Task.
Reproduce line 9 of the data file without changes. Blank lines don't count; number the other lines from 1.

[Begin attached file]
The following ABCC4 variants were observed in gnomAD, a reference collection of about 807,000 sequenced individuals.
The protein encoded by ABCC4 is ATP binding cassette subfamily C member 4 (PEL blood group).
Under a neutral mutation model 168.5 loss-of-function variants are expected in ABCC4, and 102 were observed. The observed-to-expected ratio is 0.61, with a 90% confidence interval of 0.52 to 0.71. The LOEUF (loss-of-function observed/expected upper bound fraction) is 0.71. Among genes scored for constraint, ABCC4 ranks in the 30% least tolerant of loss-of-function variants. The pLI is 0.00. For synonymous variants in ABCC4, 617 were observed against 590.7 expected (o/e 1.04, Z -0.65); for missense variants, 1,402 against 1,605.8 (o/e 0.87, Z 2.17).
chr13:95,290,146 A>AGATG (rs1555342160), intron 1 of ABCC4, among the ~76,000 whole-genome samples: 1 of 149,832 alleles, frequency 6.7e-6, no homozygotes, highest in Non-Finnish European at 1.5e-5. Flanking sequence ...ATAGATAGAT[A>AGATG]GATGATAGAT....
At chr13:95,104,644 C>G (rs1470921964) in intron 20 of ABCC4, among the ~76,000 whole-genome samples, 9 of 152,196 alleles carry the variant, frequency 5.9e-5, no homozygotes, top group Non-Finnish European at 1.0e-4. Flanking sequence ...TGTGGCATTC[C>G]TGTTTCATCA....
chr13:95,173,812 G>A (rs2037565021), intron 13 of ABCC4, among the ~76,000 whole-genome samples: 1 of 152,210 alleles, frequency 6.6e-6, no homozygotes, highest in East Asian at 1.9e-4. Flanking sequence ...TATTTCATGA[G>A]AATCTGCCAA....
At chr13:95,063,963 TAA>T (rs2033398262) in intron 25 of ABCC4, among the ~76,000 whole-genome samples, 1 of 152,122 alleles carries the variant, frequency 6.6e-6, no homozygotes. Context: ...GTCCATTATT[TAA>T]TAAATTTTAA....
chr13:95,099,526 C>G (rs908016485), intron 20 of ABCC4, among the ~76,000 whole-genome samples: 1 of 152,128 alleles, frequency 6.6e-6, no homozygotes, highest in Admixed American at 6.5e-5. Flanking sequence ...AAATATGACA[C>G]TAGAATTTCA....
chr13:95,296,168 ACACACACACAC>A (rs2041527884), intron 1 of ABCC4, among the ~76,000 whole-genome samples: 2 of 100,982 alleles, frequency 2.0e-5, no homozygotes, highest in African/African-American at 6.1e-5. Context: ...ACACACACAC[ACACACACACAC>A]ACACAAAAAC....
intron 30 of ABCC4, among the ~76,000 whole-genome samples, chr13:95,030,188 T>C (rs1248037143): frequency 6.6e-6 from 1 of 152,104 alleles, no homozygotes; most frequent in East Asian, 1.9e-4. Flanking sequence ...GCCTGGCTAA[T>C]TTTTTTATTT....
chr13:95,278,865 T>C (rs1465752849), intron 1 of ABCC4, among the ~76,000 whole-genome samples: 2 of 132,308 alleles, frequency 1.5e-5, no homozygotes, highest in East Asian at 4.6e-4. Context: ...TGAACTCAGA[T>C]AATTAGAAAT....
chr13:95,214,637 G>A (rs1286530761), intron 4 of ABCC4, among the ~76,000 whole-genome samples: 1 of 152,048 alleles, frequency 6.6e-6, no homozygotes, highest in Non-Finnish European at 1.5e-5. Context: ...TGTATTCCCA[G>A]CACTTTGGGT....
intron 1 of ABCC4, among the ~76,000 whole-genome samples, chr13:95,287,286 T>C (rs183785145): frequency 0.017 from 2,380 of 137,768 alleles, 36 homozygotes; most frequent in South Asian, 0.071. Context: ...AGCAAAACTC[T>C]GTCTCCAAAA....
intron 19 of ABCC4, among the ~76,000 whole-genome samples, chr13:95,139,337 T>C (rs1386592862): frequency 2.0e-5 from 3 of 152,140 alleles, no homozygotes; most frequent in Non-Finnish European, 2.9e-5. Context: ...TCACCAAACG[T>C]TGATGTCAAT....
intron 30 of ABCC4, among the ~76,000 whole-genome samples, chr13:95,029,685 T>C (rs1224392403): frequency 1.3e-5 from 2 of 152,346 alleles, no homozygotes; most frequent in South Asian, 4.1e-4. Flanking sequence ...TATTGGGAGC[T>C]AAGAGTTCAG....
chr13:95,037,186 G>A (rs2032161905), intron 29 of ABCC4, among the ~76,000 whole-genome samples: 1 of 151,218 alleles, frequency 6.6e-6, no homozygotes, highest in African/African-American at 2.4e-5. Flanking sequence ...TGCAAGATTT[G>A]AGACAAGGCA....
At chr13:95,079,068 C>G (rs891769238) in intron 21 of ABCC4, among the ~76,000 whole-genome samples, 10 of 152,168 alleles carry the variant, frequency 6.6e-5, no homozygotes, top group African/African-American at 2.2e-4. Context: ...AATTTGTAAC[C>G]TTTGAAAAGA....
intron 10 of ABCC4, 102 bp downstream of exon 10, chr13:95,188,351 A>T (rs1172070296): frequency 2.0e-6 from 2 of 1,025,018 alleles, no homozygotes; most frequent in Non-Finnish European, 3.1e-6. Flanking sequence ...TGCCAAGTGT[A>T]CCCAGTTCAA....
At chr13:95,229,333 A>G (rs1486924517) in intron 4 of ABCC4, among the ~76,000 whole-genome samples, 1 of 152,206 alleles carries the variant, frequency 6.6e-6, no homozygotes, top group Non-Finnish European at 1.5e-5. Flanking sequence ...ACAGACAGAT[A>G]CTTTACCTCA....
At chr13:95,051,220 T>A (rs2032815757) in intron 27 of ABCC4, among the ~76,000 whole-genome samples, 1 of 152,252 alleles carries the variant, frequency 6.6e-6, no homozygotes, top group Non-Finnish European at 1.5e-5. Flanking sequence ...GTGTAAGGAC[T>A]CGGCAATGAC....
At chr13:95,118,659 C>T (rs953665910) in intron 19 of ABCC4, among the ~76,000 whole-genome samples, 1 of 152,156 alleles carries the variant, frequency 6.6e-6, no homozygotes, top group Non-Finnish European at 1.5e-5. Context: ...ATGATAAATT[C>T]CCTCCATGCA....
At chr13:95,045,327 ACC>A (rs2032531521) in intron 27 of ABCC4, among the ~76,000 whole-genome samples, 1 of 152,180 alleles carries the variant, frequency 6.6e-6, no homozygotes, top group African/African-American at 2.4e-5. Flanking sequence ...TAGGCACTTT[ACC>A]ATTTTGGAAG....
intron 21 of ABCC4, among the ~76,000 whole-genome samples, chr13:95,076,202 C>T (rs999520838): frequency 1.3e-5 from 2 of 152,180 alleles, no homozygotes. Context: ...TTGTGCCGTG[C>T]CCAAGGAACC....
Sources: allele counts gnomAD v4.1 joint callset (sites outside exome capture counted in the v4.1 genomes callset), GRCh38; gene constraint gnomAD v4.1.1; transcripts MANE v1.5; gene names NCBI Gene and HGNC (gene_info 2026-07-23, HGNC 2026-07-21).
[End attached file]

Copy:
chr13:95,296,168 ACACACACACAC>A (rs2041527884), intron 1 of ABCC4, among the ~76,000 whole-genome samples: 2 of 100,982 alleles, frequency 2.0e-5, no homozygotes, highest in African/African-American at 6.1e-5. Context: ...ACACACACAC[ACACACACACAC>A]ACACAAAAAC....